Background and Aims Intracranial hypertension is a serious complication of traumatic brain injury (TBI) in children and adversely affects outcome. Monitoring intracranial pressure (ICP) requires an invasive procedure. The aim of this study was to evaluate the accuracy of a noninvasive method of estimating ICP - transcranial Doppler (TCD) derived Pulsatility Index (PI) - when compared to invasive ICP measurements.
Methods Children admitted to our pediatric intensive care unit with severe TBI and ICP invasive monitoring during the study period (Aug 2008 to Mar 2012) were included in the study. TCD was done in all children and PI calculated.
Results Eighteen children met the inclusion criteria. Male:female ratio was 2.6:1. Mean age at admission was 8.7 years (14 months-17 years). Mortality rate was 11% (2/18). Mean PRISM score was 19 with a predicted mortality rate of 28%. All patients except one had ICP>20 mmHg, with a mean highest ICP of 37 mmHg (16–50). The first measurement of PI had a mean of 1.23 (0.55–2.95). There was a significant correlation between the first PI and corresponding ICP (Pearson correlation coefficient of 0.78; p<0.0001). When all PI were considered (41 measurements) the correlation was not significant. After excluding TCD with signs of vasospasm the correlation was again significant (r=0.67, p<0.001).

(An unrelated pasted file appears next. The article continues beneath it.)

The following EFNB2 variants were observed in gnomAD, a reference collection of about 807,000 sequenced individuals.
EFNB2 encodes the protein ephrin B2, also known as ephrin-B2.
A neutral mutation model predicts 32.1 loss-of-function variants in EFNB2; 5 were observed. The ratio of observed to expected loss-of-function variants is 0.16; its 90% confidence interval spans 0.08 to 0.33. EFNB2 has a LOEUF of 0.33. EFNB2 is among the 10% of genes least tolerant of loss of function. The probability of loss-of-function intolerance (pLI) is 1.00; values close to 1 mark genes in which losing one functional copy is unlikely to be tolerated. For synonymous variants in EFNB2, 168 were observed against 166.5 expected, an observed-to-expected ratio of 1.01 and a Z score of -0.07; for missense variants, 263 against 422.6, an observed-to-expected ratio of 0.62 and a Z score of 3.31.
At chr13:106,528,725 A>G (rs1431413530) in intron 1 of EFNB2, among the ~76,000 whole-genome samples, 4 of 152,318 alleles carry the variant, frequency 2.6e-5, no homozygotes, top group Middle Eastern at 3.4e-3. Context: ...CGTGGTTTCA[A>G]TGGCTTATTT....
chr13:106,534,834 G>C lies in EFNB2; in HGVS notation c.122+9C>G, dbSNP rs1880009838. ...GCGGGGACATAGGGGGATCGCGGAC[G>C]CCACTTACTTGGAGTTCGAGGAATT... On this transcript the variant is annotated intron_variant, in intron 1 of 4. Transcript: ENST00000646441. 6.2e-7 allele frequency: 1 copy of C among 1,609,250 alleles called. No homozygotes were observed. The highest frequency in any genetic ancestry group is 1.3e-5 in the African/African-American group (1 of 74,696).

Conclusions PI is a non invasive method of evaluating ICP with a strong correlation with invasive ICP measurements at admission. After a few days other factors like vasospasm must be taken into consideration when interpreting PI values.